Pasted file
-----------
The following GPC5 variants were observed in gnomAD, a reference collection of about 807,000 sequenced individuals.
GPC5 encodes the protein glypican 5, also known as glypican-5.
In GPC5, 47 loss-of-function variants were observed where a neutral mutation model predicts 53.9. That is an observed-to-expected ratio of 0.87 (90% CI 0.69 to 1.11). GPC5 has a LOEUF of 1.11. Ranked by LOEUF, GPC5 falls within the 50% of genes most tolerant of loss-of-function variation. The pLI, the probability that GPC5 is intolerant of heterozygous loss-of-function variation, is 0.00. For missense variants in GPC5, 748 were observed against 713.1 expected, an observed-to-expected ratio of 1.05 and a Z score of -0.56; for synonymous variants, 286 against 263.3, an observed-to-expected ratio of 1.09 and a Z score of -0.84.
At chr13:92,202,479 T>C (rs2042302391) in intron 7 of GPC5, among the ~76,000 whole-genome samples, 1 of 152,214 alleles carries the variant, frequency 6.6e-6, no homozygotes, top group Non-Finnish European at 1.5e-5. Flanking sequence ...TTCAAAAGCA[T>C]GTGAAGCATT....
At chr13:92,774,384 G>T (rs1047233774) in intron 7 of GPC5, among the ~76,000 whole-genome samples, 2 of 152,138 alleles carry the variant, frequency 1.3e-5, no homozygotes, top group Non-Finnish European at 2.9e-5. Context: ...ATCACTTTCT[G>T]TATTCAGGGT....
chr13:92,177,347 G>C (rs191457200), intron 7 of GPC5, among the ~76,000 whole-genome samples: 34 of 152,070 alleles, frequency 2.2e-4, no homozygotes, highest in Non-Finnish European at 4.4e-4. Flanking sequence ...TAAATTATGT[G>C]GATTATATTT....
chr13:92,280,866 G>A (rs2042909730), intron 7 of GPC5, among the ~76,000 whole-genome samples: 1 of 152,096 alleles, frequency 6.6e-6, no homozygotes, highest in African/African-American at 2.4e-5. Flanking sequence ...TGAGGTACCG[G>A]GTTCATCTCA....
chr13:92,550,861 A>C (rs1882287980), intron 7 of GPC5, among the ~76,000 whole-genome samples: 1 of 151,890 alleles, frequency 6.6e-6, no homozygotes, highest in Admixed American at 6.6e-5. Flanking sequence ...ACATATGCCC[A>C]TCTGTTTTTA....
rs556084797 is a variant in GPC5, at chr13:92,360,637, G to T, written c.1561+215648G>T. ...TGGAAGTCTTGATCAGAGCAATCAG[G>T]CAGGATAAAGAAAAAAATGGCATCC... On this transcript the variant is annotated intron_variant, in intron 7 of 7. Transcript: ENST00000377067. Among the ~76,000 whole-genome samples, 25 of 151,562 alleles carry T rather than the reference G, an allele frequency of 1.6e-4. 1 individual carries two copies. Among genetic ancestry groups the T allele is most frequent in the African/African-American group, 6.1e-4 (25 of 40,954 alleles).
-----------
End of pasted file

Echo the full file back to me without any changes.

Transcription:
The following GPC5 variants were observed in gnomAD, a reference collection of about 807,000 sequenced individuals.
GPC5 encodes the protein glypican 5, also known as glypican-5.
In GPC5, 47 loss-of-function variants were observed where a neutral mutation model predicts 53.9. That is an observed-to-expected ratio of 0.87 (90% CI 0.69 to 1.11). GPC5 has a LOEUF of 1.11. Ranked by LOEUF, GPC5 falls within the 50% of genes most tolerant of loss-of-function variation. The pLI, the probability that GPC5 is intolerant of heterozygous loss-of-function variation, is 0.00. For missense variants in GPC5, 748 were observed against 713.1 expected, an observed-to-expected ratio of 1.05 and a Z score of -0.56; for synonymous variants, 286 against 263.3, an observed-to-expected ratio of 1.09 and a Z score of -0.84.
At chr13:92,202,479 T>C (rs2042302391) in intron 7 of GPC5, among the ~76,000 whole-genome samples, 1 of 152,214 alleles carries the variant, frequency 6.6e-6, no homozygotes, top group Non-Finnish European at 1.5e-5. Flanking sequence ...TTCAAAAGCA[T>C]GTGAAGCATT....
At chr13:92,774,384 G>T (rs1047233774) in intron 7 of GPC5, among the ~76,000 whole-genome samples, 2 of 152,138 alleles carry the variant, frequency 1.3e-5, no homozygotes, top group Non-Finnish European at 2.9e-5. Context: ...ATCACTTTCT[G>T]TATTCAGGGT....
chr13:92,177,347 G>C (rs191457200), intron 7 of GPC5, among the ~76,000 whole-genome samples: 34 of 152,070 alleles, frequency 2.2e-4, no homozygotes, highest in Non-Finnish European at 4.4e-4. Flanking sequence ...TAAATTATGT[G>C]GATTATATTT....
chr13:92,280,866 G>A (rs2042909730), intron 7 of GPC5, among the ~76,000 whole-genome samples: 1 of 152,096 alleles, frequency 6.6e-6, no homozygotes, highest in African/African-American at 2.4e-5. Flanking sequence ...TGAGGTACCG[G>A]GTTCATCTCA....
chr13:92,550,861 A>C (rs1882287980), intron 7 of GPC5, among the ~76,000 whole-genome samples: 1 of 151,890 alleles, frequency 6.6e-6, no homozygotes, highest in Admixed American at 6.6e-5. Flanking sequence ...ACATATGCCC[A>C]TCTGTTTTTA....
rs556084797 is a variant in GPC5, at chr13:92,360,637, G to T, written c.1561+215648G>T. ...TGGAAGTCTTGATCAGAGCAATCAG[G>T]CAGGATAAAGAAAAAAATGGCATCC... On this transcript the variant is annotated intron_variant, in intron 7 of 7. Transcript: ENST00000377067. Among the ~76,000 whole-genome samples, 25 of 151,562 alleles carry T rather than the reference G, an allele frequency of 1.6e-4. 1 individual carries two copies. Among genetic ancestry groups the T allele is most frequent in the African/African-American group, 6.1e-4 (25 of 40,954 alleles).